Flunking the Leadership Test

A survey of 300 Australian and New Zealand managers showed up major generational differences in leadership attitudes and styles – baby boomers in particular seem more focused on finding the work/play balance than their younger more strategy-driven counterparts.
According to the school’s head of leadership, Dr Karen Morley, the study also highlighted chronic failure to ‘walk the leadership talk’.
The survey shows that most Australasian managers have long way to go before they can call themselves leaders and while respondents quoted ‘vision’ as core component of successful leadership they admitted to reverting to short-term solutions in leadership roles.
“The survey hit number of ‘hot’ buttons that our business leaders must consider as matter of urgency,” says Morley. “It confirmed expected differences between generations and genders, supporting international research, but most importantly, it has highlighted the chasm between what we say we expect of our leaders and what we actually do in leadership roles.
“With managing change such preoccupation, this gap between expectation and reality must be having serious impact on how well our managers perform and, as consequence, how well our organisations perform.”
Being able to create change and follow through on it within the organisation was strong theme in the survey findings. Being flexible enough to respond to external change and ideas was also seen as important.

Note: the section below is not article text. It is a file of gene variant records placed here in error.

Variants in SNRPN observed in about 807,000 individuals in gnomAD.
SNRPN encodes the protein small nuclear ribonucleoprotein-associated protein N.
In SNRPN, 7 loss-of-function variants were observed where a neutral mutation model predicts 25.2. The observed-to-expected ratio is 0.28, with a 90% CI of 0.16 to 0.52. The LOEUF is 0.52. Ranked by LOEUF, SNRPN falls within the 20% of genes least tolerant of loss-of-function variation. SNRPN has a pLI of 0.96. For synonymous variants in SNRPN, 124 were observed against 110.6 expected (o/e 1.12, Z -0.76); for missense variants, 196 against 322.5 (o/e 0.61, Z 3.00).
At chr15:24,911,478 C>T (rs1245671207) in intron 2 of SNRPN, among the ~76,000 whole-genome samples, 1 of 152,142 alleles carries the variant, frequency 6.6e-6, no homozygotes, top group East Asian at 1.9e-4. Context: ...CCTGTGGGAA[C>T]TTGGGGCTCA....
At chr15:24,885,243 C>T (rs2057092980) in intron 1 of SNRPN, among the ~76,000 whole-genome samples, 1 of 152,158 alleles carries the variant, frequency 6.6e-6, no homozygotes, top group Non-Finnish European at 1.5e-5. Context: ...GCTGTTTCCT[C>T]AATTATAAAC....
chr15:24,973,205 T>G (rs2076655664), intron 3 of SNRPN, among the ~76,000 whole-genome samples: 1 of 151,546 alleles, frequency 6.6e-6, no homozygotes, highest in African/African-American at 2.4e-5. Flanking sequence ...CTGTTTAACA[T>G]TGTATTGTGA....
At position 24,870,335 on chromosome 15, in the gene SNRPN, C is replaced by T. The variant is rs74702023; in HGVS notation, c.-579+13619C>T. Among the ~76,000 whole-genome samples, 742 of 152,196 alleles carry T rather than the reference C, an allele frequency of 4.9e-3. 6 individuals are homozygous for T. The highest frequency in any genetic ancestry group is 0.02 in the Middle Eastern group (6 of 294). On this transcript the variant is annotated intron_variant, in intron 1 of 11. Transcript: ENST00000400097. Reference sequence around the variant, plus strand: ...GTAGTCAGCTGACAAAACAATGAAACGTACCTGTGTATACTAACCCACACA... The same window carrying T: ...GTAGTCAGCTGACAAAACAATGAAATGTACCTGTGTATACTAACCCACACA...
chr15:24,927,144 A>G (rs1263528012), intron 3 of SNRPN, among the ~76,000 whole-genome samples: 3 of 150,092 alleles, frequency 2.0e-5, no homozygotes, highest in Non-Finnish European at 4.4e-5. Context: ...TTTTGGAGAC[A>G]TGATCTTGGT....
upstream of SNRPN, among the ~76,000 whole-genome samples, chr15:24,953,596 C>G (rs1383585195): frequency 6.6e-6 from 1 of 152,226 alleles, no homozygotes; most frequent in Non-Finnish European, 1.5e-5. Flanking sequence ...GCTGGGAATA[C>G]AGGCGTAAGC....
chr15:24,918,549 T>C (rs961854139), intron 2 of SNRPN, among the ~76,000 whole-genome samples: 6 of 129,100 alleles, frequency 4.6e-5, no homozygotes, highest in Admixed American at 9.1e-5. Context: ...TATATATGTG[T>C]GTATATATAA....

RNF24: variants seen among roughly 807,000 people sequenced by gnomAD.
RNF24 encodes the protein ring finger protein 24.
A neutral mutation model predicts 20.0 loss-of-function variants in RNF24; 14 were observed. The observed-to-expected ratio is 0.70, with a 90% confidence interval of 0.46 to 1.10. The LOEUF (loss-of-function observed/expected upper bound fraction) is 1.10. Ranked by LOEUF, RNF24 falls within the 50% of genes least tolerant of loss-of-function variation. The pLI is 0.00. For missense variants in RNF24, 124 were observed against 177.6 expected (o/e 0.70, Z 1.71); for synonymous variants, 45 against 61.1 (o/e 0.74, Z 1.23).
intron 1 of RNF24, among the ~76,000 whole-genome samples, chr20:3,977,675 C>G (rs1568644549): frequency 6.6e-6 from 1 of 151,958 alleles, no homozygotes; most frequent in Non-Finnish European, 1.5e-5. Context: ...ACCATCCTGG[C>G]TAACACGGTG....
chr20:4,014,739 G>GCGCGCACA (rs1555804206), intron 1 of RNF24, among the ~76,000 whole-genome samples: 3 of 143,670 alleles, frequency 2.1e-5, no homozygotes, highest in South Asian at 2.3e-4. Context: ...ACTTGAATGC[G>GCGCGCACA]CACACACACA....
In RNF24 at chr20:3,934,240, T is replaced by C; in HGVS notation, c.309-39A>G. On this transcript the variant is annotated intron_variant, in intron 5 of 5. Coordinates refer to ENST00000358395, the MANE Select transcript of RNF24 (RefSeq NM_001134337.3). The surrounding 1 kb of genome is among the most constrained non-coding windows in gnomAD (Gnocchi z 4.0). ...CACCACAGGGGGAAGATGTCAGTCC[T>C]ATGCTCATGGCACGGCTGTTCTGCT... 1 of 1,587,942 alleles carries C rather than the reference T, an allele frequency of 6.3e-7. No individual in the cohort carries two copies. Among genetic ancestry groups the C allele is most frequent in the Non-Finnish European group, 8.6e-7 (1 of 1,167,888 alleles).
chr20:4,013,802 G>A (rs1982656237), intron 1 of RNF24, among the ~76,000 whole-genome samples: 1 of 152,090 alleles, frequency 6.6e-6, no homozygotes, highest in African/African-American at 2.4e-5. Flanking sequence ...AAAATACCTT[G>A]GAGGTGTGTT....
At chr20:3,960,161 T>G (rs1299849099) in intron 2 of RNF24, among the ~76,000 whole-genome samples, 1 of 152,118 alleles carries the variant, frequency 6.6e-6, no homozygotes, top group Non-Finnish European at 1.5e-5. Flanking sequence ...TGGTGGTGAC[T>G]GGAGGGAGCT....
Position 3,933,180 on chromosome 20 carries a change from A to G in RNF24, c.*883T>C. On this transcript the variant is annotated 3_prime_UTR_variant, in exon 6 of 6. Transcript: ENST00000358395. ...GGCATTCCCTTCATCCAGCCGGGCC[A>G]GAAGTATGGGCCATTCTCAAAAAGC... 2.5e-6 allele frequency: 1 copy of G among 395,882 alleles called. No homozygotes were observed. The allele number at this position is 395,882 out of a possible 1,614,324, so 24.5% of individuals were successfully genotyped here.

When asked to consider their circumstances two years down the track, managers identified that they would also need to be entrepreneurial enough to exploit change and create opportunities.
Asked to rate the qualities of the ideal leader, the majority of responses described someone visionary, inspirational/motivational and honest as fitting the bill. Yet these qualities tended to take the sideline when managers were faced with day-to-day responsibilities.
“The leadership gap is marked,” says Morley. “If we’re to remain competitive as nation, this gap needs to be closed.”
Other key findings from the survey include clear differences in how male and female managers perceive and prioritise workplace challenges. It seems women are more likely to focus on challenges from outside the organisation such as global economic conditions and government, while men are more focused on internal organisational issues.

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